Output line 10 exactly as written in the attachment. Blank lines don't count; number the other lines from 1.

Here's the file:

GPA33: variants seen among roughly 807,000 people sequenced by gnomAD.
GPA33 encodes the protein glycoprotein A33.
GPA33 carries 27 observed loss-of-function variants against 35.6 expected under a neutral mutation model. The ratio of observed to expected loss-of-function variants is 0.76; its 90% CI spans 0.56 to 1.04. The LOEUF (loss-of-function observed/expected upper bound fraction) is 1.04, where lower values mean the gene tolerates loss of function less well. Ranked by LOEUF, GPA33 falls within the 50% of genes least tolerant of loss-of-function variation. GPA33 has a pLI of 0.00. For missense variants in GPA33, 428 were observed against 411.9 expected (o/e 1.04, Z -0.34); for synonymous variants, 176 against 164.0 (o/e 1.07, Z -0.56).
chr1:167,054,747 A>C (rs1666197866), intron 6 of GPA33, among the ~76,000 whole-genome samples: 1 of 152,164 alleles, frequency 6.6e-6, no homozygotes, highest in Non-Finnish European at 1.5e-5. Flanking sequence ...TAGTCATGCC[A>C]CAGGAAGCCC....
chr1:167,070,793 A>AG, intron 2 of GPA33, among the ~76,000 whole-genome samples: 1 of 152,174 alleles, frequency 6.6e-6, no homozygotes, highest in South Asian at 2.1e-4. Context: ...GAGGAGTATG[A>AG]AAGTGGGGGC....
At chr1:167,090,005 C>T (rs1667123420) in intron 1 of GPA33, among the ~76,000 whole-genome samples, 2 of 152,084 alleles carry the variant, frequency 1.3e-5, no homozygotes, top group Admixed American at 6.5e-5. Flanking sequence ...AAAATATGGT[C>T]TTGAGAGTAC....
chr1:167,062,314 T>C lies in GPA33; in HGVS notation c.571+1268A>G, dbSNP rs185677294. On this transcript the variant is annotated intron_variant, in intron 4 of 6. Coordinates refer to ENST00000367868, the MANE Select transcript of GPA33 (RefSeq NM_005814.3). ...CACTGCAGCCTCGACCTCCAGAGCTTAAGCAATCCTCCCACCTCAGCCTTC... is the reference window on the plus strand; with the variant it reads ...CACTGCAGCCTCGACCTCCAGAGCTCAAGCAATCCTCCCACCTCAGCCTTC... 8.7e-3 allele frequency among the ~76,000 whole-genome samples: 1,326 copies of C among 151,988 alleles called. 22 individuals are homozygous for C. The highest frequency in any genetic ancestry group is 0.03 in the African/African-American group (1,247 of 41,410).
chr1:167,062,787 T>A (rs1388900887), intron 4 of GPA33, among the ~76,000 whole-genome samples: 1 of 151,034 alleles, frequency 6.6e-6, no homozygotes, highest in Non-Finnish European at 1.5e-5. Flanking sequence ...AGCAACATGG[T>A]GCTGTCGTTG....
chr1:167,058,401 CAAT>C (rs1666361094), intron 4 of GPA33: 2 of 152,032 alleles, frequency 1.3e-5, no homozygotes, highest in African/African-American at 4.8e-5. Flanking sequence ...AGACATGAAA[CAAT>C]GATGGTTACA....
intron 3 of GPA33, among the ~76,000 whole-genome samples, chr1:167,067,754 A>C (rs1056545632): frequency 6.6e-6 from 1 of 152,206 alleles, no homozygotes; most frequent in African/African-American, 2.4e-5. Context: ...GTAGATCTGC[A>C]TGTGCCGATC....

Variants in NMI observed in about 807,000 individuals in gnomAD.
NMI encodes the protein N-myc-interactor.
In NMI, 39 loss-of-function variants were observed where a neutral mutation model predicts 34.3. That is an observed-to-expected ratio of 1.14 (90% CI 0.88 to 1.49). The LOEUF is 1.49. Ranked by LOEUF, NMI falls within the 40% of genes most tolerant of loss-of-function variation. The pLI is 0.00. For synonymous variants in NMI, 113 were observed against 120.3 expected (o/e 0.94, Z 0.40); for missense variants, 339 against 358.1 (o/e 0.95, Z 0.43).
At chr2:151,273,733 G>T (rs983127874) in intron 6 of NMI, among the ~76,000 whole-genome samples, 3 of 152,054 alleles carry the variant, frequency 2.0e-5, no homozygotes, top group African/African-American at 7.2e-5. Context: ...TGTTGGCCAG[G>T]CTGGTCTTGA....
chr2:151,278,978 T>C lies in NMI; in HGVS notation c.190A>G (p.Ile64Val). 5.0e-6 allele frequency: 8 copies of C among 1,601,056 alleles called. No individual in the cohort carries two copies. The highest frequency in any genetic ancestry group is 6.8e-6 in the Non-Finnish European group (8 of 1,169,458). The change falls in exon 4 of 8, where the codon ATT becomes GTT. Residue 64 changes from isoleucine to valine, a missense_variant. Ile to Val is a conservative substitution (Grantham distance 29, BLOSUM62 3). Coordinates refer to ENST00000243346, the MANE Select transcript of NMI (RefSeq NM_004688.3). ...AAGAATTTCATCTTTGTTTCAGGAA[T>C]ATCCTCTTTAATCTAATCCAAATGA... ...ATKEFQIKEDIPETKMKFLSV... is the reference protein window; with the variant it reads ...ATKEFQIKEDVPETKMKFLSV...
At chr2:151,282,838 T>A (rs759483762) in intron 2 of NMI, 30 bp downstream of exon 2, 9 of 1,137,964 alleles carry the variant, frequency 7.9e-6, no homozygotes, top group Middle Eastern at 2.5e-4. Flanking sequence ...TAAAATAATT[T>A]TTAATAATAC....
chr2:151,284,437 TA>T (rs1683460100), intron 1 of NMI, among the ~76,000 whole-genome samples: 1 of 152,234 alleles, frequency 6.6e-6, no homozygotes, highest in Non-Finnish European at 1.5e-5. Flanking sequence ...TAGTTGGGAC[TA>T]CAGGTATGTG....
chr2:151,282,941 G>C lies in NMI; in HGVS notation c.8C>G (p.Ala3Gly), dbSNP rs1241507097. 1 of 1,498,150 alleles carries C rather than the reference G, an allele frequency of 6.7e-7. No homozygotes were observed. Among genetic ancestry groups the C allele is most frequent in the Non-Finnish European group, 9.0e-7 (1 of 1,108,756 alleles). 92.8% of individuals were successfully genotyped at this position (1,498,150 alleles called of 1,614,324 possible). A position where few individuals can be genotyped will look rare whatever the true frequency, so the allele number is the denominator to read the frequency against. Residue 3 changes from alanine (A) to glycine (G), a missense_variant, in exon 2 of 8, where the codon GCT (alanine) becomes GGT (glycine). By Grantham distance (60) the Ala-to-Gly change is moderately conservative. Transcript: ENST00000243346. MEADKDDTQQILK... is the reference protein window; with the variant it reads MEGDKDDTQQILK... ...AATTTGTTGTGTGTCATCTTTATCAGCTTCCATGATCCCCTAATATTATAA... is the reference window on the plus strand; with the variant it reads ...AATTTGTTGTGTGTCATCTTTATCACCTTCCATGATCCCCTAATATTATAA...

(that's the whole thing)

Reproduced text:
intron 3 of GPA33, among the ~76,000 whole-genome samples, chr1:167,067,754 A>C (rs1056545632): frequency 6.6e-6 from 1 of 152,206 alleles, no homozygotes; most frequent in African/African-American, 2.4e-5. Context: ...GTAGATCTGC[A>C]TGTGCCGATC....